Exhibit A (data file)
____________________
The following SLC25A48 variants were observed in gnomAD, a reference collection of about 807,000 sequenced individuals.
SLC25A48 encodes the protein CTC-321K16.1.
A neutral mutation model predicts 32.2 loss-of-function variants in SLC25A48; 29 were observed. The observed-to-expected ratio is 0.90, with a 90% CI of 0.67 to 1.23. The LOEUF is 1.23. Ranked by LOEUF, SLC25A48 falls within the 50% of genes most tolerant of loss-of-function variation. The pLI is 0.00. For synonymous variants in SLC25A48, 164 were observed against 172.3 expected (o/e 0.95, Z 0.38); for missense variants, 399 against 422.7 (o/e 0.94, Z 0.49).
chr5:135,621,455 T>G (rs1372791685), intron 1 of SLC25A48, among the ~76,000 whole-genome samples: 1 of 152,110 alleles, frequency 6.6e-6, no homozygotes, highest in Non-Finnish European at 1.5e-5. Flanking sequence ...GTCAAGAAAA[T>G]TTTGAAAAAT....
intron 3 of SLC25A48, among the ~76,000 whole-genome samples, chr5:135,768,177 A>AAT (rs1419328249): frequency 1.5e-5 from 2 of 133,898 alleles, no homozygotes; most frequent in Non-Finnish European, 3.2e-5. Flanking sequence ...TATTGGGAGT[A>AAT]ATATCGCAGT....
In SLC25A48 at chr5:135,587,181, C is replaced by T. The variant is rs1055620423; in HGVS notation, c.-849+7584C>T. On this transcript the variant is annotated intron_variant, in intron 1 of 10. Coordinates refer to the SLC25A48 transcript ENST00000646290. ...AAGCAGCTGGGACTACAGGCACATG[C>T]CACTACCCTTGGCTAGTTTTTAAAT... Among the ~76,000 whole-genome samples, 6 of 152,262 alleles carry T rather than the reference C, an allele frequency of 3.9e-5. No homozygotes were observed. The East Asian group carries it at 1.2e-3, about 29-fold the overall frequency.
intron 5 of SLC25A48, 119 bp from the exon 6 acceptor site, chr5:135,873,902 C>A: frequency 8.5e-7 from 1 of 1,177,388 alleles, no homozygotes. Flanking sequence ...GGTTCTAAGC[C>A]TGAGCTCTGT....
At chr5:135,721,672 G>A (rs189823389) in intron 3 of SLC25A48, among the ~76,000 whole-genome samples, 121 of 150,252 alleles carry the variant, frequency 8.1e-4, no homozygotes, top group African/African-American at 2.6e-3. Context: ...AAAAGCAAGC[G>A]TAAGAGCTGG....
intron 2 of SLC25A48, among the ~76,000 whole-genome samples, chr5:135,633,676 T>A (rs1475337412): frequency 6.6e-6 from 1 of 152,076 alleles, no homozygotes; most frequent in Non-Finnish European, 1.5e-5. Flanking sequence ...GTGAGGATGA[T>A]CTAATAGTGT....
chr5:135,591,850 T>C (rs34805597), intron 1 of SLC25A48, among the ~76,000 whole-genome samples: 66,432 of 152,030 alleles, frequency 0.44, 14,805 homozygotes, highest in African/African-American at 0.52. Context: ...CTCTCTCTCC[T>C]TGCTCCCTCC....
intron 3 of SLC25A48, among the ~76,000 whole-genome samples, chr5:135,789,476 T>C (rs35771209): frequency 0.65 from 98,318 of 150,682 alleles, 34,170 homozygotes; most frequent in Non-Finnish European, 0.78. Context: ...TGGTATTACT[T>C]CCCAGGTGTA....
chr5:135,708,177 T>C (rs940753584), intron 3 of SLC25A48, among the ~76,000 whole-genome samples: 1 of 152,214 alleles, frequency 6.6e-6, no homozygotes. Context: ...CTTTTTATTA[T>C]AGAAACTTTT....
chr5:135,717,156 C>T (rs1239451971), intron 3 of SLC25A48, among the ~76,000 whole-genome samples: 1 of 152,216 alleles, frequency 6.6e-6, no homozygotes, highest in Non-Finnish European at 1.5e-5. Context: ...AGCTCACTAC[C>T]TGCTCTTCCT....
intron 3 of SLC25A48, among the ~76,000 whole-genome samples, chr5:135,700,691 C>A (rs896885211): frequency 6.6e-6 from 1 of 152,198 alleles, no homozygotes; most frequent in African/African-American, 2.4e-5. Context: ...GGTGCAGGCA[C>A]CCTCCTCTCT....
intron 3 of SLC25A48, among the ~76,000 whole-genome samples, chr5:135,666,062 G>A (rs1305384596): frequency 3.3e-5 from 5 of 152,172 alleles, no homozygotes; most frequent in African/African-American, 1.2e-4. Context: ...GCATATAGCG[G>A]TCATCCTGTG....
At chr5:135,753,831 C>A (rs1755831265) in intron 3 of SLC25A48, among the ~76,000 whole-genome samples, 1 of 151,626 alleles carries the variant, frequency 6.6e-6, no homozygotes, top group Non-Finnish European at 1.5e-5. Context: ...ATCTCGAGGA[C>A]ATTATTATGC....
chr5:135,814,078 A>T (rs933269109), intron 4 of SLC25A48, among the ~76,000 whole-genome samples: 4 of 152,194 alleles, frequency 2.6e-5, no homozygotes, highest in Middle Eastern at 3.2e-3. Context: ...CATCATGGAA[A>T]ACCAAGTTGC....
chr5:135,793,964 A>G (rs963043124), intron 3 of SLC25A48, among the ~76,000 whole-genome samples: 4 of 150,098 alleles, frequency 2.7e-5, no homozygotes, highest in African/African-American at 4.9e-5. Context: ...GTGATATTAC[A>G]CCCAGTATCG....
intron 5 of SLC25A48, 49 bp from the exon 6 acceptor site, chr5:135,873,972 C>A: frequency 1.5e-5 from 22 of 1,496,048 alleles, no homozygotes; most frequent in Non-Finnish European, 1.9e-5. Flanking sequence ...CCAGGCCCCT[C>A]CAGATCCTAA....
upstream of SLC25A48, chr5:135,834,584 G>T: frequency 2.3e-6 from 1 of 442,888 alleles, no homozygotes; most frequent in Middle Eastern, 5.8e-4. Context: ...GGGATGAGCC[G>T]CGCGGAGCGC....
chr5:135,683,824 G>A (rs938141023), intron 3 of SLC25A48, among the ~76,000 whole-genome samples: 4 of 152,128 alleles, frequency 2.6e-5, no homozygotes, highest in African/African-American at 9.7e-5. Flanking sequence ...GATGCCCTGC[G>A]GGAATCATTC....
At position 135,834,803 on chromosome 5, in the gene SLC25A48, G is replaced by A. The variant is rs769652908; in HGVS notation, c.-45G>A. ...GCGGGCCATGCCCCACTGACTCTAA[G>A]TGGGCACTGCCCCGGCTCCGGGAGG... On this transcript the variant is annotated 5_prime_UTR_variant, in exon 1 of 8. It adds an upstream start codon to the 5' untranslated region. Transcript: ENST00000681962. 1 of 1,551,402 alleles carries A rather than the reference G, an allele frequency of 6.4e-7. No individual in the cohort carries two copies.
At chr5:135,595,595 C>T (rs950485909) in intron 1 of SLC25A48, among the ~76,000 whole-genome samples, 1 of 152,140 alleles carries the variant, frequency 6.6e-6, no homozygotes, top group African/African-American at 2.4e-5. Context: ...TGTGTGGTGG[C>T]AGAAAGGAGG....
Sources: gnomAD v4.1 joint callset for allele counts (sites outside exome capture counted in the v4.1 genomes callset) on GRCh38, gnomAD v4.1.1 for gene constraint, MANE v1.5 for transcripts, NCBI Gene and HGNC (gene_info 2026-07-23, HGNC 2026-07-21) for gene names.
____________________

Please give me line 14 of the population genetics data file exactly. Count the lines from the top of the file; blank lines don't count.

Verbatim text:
intron 3 of SLC25A48, among the ~76,000 whole-genome samples, chr5:135,700,691 C>A (rs896885211): frequency 6.6e-6 from 1 of 152,198 alleles, no homozygotes; most frequent in African/African-American, 2.4e-5. Context: ...GGTGCAGGCA[C>A]CCTCCTCTCT....